China seems interested in the future of public transit if recent Hyperloop developments in the country are anything to go by. Just yesterday, we reported that China's Guizhou prefecture had signed a deal with Hyperloop Transportation Technologies to develop a 10km (6-mile) high-speed track in the region.

Now, China has signed yet another Hyperloop deal, but this one's a little bit different.

This deal involves startup Arrivo; a company focused on pseudo-Hyperloops. These loops use maglev "sleds" to transport cars from place to place, rather than the vacuum-sealed tubes you would see in ordinary Hyperloops.

As a result, the speed of Arrivo's sleds will cap at about 200mph, rather than the 700mph targets other Hyperloop companies aim for.

What makes this deal even more interesting is that China is offering Arrivo $1 billion in credit for worldwide projects, meaning the company doesn't necessarily have to construct anything in the country itself.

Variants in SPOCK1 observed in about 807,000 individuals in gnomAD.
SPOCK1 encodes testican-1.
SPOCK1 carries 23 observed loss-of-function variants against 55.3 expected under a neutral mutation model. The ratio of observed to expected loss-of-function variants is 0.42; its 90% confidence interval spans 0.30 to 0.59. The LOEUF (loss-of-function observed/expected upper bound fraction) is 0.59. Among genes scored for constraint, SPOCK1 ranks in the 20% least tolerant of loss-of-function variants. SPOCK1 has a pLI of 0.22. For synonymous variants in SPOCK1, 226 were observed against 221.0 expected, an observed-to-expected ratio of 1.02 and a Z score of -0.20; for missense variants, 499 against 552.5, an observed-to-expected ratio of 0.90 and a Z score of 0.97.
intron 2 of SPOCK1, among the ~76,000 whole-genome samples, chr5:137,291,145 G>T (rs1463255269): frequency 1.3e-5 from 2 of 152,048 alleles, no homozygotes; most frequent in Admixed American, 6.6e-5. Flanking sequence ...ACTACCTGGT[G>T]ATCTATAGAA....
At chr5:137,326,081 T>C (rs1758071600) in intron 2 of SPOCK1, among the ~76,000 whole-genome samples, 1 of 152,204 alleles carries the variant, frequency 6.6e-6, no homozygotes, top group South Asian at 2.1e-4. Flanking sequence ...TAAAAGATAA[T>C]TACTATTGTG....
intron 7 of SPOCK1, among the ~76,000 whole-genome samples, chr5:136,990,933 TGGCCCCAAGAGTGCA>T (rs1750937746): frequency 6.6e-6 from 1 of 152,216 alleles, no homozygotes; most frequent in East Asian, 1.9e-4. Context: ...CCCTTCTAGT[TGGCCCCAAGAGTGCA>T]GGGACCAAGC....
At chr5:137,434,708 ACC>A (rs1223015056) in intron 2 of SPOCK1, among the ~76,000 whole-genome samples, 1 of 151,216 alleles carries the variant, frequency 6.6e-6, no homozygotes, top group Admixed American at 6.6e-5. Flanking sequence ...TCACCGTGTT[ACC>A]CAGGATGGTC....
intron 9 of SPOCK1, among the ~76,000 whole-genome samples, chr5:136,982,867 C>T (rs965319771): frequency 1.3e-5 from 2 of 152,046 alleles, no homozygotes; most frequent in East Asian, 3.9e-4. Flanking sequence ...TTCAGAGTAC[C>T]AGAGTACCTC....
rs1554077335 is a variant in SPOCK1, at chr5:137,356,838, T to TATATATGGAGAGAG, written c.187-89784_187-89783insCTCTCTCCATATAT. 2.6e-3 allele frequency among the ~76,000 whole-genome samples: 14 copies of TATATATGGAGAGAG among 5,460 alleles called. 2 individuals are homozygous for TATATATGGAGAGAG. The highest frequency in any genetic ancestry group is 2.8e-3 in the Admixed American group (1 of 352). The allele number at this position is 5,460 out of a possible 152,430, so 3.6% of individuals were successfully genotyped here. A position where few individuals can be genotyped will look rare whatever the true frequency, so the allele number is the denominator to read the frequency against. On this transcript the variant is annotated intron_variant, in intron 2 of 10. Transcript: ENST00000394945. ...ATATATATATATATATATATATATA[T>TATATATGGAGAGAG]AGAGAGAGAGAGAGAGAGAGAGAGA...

At any rate, Arrivo will accomplish their goals by working with Genertec America; a corporation wholly-owned by China's government.

President of Genertec America, Yalin Li, published the following statement regarding the Arrivo deal:

Arrivo provides a unique solution for regional mobility and a great complement to high speed rail and airports. We are excited to be an early partner in the deployment of mobility systems utilizing Arrivo's transformative technology. We look forward to many opportunities to build this new mode of transportation in regions around the world.

Neither Genertec or Arrivo have offered information regarding specific loop construction locations or development timelines, suggesting there's still many specifics for the companies to hash out.